By Christopher A. Sawyer
It was one of those days when nothing seemed to go right. I was heading out of Detroit’s Metropolitan Airport to who knows where to drive a new car in some state that wasn’t my own. In the past, I would have taken a copy of Michael Crichton’s latest book with me to pass the time, but Mr. Crichton had the nerve to up and die a few years ago, depriving fans of technological thrillers that had you glued to your seat. So I stumbled into the airport bookstore (not the best place to get a deal on a book), and began looking for something to fit the bill.
Peering out from the bottom shelf was a black and white photograph of a young, ruggedly handsome James Garner giving his most polite “What the hell do you want?” look. Immediately I flashed back to years of watching The Rockford Files on television, and countless hours of watching and re-watching the movie Grand Prix. I knew that Garner was from Oklahoma, his real last name was Bumgarner, and that he swims far to the left of yours truly in the political sea. Still, I was intrigued. He’s a likeable guy, a car guy, and he might just dish about Grand Prix and who knows what else in the pages of this book. So I bought it.
On the return leg of the trip (I read Felix Francis’s book Bloodline on the way out), I started reading Garner’s book in earnest. I’ll be honest, this is a book you have to read twice. The reason is that Garner comes off as cocksure when, in fact, it’s the false near-arrogance of a man who has spent most of his adult life projecting an image at odds with the abused, lonely little boy inside. A boy who did not have an idyllic Norman Rockwell upbringing in Norman, Oklahoma.
Garner was abused at the hands of his step-mother and left home at the age of 14. His father was a drunkard who, as Garner puts it, “married the wrong women,” and was detached from his family, if not himself. Garner had to support himself, and though he daydreamed of hitting it big, he knew no one was ever going to give him anything. Everything he had, he earned. Still, he often would work only long enough to earn enough money to coast for a while. He was an unmotivated drifter.
In due course, he found himself in Korea, the first draftee for that war from Oklahoma, and later stumbled around California, not sure which direction he should take. Acting, you’ll discover, was the furthest thing from his mind, but his career began to surge based on his good looks and likability. Audiences were certain that the man on the screen was for real, and not some actor’s interpretation of words on a page.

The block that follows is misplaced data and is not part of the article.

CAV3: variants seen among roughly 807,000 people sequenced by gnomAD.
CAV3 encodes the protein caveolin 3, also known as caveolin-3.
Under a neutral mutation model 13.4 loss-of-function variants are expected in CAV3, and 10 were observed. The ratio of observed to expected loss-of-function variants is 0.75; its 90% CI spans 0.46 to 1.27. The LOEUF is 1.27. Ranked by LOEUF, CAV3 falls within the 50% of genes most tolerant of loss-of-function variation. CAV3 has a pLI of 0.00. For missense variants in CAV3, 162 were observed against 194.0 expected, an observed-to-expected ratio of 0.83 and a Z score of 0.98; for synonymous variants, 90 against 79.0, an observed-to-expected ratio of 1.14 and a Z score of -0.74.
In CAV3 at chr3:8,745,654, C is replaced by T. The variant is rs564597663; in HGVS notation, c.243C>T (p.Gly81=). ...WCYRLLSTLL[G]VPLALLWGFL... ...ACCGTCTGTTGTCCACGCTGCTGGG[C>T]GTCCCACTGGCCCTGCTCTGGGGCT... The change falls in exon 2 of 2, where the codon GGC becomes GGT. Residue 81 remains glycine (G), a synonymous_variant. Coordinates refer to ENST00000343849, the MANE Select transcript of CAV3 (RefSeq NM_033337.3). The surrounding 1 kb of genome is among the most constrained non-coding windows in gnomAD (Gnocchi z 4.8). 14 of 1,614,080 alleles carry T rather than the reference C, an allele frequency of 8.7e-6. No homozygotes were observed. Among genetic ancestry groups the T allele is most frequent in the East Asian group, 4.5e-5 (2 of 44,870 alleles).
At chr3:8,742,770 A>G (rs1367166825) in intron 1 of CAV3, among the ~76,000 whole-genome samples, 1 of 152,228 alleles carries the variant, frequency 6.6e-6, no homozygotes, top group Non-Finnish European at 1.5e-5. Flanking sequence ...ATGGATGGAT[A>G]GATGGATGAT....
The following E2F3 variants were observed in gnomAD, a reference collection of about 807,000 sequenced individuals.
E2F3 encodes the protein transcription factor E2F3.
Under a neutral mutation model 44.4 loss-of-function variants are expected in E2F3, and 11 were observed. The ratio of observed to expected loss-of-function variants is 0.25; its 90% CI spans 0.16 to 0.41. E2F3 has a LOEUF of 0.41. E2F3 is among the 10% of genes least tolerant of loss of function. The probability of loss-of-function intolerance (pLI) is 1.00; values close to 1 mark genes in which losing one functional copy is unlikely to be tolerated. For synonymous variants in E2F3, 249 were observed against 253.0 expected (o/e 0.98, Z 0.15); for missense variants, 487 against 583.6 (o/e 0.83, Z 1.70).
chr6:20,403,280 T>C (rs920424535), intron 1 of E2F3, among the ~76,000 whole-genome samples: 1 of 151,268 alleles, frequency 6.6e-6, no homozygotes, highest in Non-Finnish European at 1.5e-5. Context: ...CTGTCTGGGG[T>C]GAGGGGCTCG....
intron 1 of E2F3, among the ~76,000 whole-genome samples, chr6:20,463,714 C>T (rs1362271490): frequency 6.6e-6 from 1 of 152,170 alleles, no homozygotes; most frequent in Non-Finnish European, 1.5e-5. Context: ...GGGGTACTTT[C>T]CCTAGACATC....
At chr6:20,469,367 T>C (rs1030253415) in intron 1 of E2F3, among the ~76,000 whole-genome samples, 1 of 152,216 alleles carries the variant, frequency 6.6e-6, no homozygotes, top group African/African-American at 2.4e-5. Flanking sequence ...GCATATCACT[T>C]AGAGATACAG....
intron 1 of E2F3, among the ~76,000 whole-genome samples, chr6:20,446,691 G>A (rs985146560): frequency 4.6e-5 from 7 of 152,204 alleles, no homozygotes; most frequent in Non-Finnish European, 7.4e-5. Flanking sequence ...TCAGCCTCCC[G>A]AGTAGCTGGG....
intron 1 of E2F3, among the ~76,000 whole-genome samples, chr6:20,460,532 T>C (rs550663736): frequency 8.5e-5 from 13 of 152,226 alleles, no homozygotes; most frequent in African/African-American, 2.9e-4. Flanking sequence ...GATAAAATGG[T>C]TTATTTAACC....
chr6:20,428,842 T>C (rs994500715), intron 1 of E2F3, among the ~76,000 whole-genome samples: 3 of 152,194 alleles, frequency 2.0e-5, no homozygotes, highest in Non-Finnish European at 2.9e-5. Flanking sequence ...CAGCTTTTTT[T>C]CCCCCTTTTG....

He honed his craft in the theater, and found himself on one of the most popular television shows in the 1950s, Maverick. From here it should have been a walk in the park to leading man status, but Garner never reached the pinnacle of stardom. He was famous, but never box office dynamite. For every The Great Escape there was an Americanization of Emily or worse. Yet Garner kept plugging along, pulled by the wave of affection audiences, especially television audiences, had for his laid-back, honest-to-a-fault persona.
But it is his 20-page chapter on the making of Grand Prix that was worth the price of admission for me. Garner’s portrayal of American driver Pete Aron was anything but certain. Steve McQueen had signed to do the part, but his inability to get along with the producer meant he backed out and took a leading role in the movie The Sand Pebbles instead. Director John Frankenheimer didn’t want Garner, either. Garner had a mind of his own, a sin in the then-young Frankenheimer’s eyes. However, the studio and producer wanted him, so Garner got the part. Ironically, Garner called McQueen to tell him that he would be playing Pete Aron in the movie, and McQueen — stunned by the information — wished Garner good luck after a “twenty-five dollar pause”. McQueen, it turns out, resented the fact that Garner had taken the part, despite the fact that he had turned it down. He didn’t talk to Garner for quite a while, and McQueen’s son, Chad, had to drag his father to the theater to see the film. Years later, and still stung by his refusal to do Grand Prix, Steve McQueen (never one of my favorite actors, if I’m honest), produced and starred in Le Mans.
I won’t go into detail about the movie or what Garner has to say about it. It’s best to read these observations yourself, and overlook the occasional oversimplifications made to make the chapter easier for non-car people to understand and appreciate. The same is true for the rest of the book; the joy is in the reading, not the retelling, and there’s a lot to tell.
You may not agree with Garner’s perspective or politics or understand why he had such a short fuse on so many occasions. However, you will appreciate the honest telling of the tale, and the simple wry wit of the man telling the story.
Title: The Garner Files: A Memoir
Author: James Garner with John Winokur
Publisher: Simon & Schuster
Price: $15.00 (paperback)